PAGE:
Minor legumes are an attractive proposition in times when soybean meal prices skyrocket, but these feed ingredients do not come without their own problems that restrict use in poultry and pig diets.
Faba beans (Vicia faba) is a legume related to the garden beans (those beans consumed by humans). There are two major types of faba beans: those from white-flower varieties and those from colored-flower varieties. Their chemical composition and nutritive value is about the same, but the colored-flower varieties contain more tannins.
Tannins (usually about 0.3 to 0.5 percent in faba beans) reduce animal feed intake and depress digestibility of protein and energy. Other major anti-nutritional factors in faba beans include trypsin inhibitors (but, at levels below those found in raw soybeans) and hemagglutinins (at levels many times those found in raw soybeans).
The presence of these anti-nutritional factors make necessary the use of raw faba beans in limited levels in diets for poultry and pigs. The maximum level below which problems are few is around 10-15, depending on faba bean variety, and animal species and age.
Pig, poultry diets
In diets for young pigs, for example, this level should be no more than 5 percent. In contrast, it is possible to feed up to 20 percent faba beans in diets for finishing pigs, but if the faba beans are from colored-flower varieties, feed intake will be reduced. Feeding high levels of faba beans creates a large volume of gastrointestinal gases that cause constipation in lactating and gestating sows.
In general, faba beans should be introduced gradually in pig diets starting from 5 percent and not exceeding 20 percent. For poultry, beans are of limited value due to their extremely low concentration methionine and cystine, but otherwise, they can be used at levels not exceeding 5-10 percent.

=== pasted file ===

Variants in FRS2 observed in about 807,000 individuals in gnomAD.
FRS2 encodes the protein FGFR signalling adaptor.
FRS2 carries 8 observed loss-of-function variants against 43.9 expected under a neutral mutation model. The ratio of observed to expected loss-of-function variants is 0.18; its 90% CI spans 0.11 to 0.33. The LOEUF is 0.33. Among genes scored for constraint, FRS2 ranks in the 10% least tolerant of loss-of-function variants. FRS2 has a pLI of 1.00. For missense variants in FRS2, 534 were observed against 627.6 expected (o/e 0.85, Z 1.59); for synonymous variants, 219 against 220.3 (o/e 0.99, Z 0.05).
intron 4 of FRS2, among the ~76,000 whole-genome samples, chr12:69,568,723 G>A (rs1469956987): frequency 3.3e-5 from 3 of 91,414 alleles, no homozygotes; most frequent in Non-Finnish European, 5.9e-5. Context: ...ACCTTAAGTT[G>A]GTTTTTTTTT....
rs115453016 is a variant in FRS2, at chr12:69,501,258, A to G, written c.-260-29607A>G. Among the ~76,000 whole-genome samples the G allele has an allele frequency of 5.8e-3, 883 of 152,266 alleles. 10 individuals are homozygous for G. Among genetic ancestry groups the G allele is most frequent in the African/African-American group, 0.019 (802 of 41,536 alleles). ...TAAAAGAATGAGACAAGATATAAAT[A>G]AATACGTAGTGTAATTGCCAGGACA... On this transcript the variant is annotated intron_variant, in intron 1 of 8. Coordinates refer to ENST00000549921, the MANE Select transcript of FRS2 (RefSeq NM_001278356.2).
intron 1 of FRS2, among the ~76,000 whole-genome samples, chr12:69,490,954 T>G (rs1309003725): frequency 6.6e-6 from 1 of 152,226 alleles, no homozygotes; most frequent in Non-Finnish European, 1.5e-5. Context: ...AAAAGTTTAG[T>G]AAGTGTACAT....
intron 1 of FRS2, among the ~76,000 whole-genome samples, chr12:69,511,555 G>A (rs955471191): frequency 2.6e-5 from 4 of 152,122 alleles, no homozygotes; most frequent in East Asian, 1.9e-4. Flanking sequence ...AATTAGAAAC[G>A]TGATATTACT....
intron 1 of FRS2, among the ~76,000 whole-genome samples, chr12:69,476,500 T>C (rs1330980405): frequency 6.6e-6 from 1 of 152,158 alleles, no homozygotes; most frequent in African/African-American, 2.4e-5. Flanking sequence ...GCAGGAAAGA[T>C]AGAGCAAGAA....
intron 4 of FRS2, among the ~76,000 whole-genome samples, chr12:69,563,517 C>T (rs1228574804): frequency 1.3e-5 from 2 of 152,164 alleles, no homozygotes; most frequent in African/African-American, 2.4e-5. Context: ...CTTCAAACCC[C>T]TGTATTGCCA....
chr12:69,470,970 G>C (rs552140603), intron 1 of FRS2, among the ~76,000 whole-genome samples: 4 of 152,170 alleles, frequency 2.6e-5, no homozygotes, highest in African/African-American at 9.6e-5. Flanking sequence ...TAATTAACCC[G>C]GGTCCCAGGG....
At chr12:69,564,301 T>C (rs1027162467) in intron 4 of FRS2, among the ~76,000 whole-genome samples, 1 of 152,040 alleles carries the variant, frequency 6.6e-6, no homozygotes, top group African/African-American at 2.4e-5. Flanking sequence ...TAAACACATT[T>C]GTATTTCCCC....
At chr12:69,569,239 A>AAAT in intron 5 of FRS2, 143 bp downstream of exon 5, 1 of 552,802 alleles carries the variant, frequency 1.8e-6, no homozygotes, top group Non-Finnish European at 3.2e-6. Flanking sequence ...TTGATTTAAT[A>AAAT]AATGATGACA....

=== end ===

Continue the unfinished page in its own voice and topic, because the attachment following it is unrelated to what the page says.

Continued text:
Lentils ( Lens culinary ) become occasionally available to the animal feed industry, especially when they suffer from quality problems (such as frost damage, discoloration, or seed damage). Nevertheless, these issues do not pose any problems when such lentils are fed to pigs and poultry of all ages.
Care should be taken when using lentils: the diets should be balanced on digestible and not total amino acids because not all crude protein in lentils is true protein – lentils contain about 7 percent non-protein nitrogen!
The major anti-nutritional factor in lentils is protease inhibitors, but this is not present in sufficient quantities to depress animal performance. Thus, up to 30 percent raw lentils have been used with success in pig diets, as shown in Table 1 . In diets for very young pigs it is always prudent to use conservative levels, starting at no more than 10 percent in high-quality formulations.
For poultry, a 10 percent maximum inclusion rate is suggested, unless lentils are decorticated. In layer diets, addition of lentils has had limited success, even in limited amounts, possibly due to the lack of taking into account the issues with protein quality and low levels of sulfur-containing amino acids.